Learn what these abbreviations mean. Tip No. The system operator may also have noticed poor or . rising operating temperatures or surface hot spots near critical parts can all help to support or confirm oil Analysis data interpretation. look on the back of the Report for a key to the test codes. or ask for a diagnostic chart from the lab to explain what each one means.The Second Opinion The medical analogy often used to explain the role of oil and oil Analysis as the lifeblood of mechanical equipment is appropriate here. Presently. you may feel a little lost. Most labs provide such charts free of charge to their customers. When viewing a large number of reports. how the test data pertains to diagnosing certain problem conditions. if the lab Report prints out the chemical symbol for each wear metal instead of the full element name. use the embedded shadings and lines between vertical and horizontal columns. Similarly. If you were diagnosed with a serious condition and your doctor recommended surgery. take note of the abbreviations used by the lab for different tests. if your Report format has them. it would be perfectly reasonable to seek another doctor’s advice on whether that surgery was necessary.when your eyes are tired it is easy to overlook a small. when oil Analysis results come back indicating problems. contact your laboratory for a test code key. there is no generally accepted inter-laboratory set of abbreviations for the wide range of physical and chemical properties tests. other test data may be listed under an abbreviated heading like FTIR-Ox (Fourier transform infrared oxidation data) or RPVOT (rotating pressure vessel oxidation test). remember to take breaks . Likewise. Try to learn each element’s chemical symbol. take the time to see if other condition-monitoring technologies being used on that system are also showing alert indications increases in vibration readings. not knowing what test a given abbreviation stands for is one of the major sources of reader frustration when scanning a report. When reading the numerical data. 7: Look for Confirming Diagnostics/Symptoms .overloaded by all the data. If coded abbreviations appear instead of full text headings and they are not immediately understandable. important detail. To guide your eyes. For example. If no key is given. and most importantly. and you are not familiar with all of the abbreviations.

That’s a good approach to reading your oil Analysis reports. However. the correct response to a single elevated reading is to immediately resample and retest to confirm the initial data. excessive noise or an inability of the system to reach fullrated load or speed.Don’t Under. it will become a habit. take it for what it usually represents . oil analysis. . It’s best to read reports before scheduling the next day’s activities and well in advanced of scheduled downtime so that any investigation of detected conditions can be factored into the production timetable.an early warning. and if necessary. also be wary of the most common. 9: Get Into a Report Reading Routine It has often been said that if you do something every day for six weeks. Ailing equipment rarely cures itself! Tip No. Previous successes in diagnosing problems may also give you management support to take quick action where necessary. a specific place to review your reports. usually incorrect response to a bad sample Report . With a well-planned oil Analysis test program. More often than not. remember that although sharp up or down shifts may indicate a serious problem. but particularly wear and additive element data. vibration Analysis and thermography operate on different diagnostic principles and each has its own strengths and weaknesses. but multiple alert indications signal that it’s time to act. you often have time to plan your next step. Production and maintenance scheduling for the affected system may allow you to group other actions together with those directly related to the oil Analysis findings. a little time and another sample will cure the problem.an oil change. Tip No 8: Gauge Your Response . performance observations. Sensory evaluations. one sample is not a trend. Set up a specific time.or Over-React When faced with a confirmed abnormal oil Analysis report.erratic response. In reviewing all data.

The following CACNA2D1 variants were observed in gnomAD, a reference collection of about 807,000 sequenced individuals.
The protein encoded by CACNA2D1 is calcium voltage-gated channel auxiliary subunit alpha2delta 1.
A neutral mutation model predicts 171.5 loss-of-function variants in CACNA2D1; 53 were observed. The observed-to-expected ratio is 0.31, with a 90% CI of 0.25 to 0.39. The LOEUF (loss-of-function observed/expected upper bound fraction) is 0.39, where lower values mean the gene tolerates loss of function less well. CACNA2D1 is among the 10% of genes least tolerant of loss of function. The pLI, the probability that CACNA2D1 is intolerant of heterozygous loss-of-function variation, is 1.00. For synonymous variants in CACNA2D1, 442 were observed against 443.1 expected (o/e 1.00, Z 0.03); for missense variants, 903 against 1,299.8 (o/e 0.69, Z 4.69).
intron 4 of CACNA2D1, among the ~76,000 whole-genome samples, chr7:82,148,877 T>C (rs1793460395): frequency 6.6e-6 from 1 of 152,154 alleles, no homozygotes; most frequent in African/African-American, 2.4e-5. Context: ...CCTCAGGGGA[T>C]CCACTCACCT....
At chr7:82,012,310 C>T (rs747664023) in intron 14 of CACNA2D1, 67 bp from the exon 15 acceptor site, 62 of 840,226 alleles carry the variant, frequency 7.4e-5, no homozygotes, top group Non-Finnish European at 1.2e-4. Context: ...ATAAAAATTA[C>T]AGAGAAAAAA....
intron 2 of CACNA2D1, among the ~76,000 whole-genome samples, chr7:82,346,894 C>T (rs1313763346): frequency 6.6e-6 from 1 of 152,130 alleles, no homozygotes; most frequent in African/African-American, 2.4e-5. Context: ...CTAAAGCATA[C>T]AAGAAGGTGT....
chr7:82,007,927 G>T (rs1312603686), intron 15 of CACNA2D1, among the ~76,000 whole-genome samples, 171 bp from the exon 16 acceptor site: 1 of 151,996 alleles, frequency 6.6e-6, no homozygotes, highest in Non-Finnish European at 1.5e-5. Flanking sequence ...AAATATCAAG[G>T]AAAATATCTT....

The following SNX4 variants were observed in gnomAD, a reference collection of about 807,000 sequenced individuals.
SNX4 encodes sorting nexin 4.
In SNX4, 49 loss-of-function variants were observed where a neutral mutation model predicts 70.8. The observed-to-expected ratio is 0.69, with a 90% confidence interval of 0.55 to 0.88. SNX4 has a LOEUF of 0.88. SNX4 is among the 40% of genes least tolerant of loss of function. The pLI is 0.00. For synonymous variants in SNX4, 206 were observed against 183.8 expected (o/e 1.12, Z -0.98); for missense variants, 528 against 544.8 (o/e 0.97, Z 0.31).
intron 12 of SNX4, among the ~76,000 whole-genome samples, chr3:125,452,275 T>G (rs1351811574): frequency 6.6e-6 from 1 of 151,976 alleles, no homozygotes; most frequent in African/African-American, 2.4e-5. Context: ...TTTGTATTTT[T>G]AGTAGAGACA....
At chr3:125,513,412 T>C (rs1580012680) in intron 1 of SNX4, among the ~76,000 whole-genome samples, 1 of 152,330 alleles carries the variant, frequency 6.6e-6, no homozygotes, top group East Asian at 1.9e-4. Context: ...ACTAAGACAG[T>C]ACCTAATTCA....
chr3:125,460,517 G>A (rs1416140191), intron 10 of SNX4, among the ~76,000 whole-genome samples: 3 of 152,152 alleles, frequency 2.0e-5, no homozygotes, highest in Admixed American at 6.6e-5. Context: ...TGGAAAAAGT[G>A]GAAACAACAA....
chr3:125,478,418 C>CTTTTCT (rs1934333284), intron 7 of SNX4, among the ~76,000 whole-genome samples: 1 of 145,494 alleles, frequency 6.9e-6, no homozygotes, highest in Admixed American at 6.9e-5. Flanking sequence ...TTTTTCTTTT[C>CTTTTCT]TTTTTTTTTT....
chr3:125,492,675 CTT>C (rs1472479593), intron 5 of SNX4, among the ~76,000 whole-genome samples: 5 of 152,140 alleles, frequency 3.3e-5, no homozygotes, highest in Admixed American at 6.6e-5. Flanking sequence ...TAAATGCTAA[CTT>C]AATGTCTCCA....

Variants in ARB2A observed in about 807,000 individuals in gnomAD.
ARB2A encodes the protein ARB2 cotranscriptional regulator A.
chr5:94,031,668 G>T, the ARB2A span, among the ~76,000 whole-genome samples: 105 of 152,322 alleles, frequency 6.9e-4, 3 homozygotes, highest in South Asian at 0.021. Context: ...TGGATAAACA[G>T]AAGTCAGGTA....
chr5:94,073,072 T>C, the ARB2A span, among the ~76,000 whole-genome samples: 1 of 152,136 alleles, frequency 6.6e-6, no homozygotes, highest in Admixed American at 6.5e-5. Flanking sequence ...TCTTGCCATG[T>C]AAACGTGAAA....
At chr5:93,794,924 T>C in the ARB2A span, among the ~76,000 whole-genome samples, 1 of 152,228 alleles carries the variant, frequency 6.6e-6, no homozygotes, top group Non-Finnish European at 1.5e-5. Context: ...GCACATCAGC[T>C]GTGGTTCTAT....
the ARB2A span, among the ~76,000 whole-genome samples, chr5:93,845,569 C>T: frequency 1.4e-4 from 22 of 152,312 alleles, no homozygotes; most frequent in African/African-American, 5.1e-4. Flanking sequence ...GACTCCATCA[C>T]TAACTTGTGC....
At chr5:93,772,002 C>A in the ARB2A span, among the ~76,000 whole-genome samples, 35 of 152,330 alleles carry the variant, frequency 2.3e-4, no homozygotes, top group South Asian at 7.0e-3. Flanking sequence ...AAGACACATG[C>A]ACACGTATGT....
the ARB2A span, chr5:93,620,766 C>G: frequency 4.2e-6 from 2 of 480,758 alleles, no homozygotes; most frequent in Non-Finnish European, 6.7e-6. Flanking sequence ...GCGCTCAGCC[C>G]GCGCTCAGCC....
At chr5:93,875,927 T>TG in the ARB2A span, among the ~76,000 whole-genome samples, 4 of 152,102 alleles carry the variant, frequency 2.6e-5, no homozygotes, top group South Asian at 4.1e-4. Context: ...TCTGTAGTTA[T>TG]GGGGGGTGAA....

while assisting in root cause Analysis on the failure of a routinely sampled system. In addition. .it’s up to you to take it the rest of the way. For a complete full-length version of this article and others on lubrication fundamentals and strategies. if you do not act on the report. Much time and effort is spent in creating your lab reports. when resamples are needed there is generally a small window for taking them. the effective resample window may close.Tip No. is one of the most valuable tools in the condition-monitoring toolbox. 10: Read Your Reports Today After Tip No. Labs work hard to place critical machine condition data at your fingertips . 9. oil Analysis and contamination control best practices. Editor’s Note This article is an excerpt from a conference paper presented at Noria’s Lubrication Excellence 2003 conference held in Houston April 1-3. it became obvious that the oil Analysis Report was ignored completely or simply not read until it was too late. supported by qualified chemists and engineers in the lab. you might be asking why belabor the point? Every year there are cases where. 2003. High-quality oil analysis.